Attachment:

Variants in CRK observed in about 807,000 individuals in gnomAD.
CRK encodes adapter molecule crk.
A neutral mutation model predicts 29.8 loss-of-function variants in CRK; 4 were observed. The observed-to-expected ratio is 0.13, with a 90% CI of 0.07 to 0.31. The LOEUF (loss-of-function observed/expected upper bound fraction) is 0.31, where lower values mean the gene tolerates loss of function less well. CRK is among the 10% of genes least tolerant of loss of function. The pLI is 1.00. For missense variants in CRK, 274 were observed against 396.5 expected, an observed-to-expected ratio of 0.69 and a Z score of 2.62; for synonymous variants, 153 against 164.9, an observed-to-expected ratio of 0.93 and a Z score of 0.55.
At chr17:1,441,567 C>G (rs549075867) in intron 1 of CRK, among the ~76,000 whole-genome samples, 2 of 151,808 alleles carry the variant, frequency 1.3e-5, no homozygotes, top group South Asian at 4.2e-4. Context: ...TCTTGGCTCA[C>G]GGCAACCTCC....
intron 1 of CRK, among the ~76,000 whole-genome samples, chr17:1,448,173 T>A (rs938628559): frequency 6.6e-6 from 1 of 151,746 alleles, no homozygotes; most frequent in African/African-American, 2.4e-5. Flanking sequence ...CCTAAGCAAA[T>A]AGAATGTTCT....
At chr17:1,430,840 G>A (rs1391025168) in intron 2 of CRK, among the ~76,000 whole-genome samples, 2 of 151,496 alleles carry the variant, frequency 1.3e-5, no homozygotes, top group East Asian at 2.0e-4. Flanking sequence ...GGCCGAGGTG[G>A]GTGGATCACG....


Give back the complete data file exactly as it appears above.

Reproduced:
Variants in CRK observed in about 807,000 individuals in gnomAD.
CRK encodes adapter molecule crk.
A neutral mutation model predicts 29.8 loss-of-function variants in CRK; 4 were observed. The observed-to-expected ratio is 0.13, with a 90% CI of 0.07 to 0.31. The LOEUF (loss-of-function observed/expected upper bound fraction) is 0.31, where lower values mean the gene tolerates loss of function less well. CRK is among the 10% of genes least tolerant of loss of function. The pLI is 1.00. For missense variants in CRK, 274 were observed against 396.5 expected, an observed-to-expected ratio of 0.69 and a Z score of 2.62; for synonymous variants, 153 against 164.9, an observed-to-expected ratio of 0.93 and a Z score of 0.55.
At chr17:1,441,567 C>G (rs549075867) in intron 1 of CRK, among the ~76,000 whole-genome samples, 2 of 151,808 alleles carry the variant, frequency 1.3e-5, no homozygotes, top group South Asian at 4.2e-4. Context: ...TCTTGGCTCA[C>G]GGCAACCTCC....
intron 1 of CRK, among the ~76,000 whole-genome samples, chr17:1,448,173 T>A (rs938628559): frequency 6.6e-6 from 1 of 151,746 alleles, no homozygotes; most frequent in African/African-American, 2.4e-5. Flanking sequence ...CCTAAGCAAA[T>A]AGAATGTTCT....
At chr17:1,430,840 G>A (rs1391025168) in intron 2 of CRK, among the ~76,000 whole-genome samples, 2 of 151,496 alleles carry the variant, frequency 1.3e-5, no homozygotes, top group East Asian at 2.0e-4. Flanking sequence ...GGCCGAGGTG[G>A]GTGGATCACG....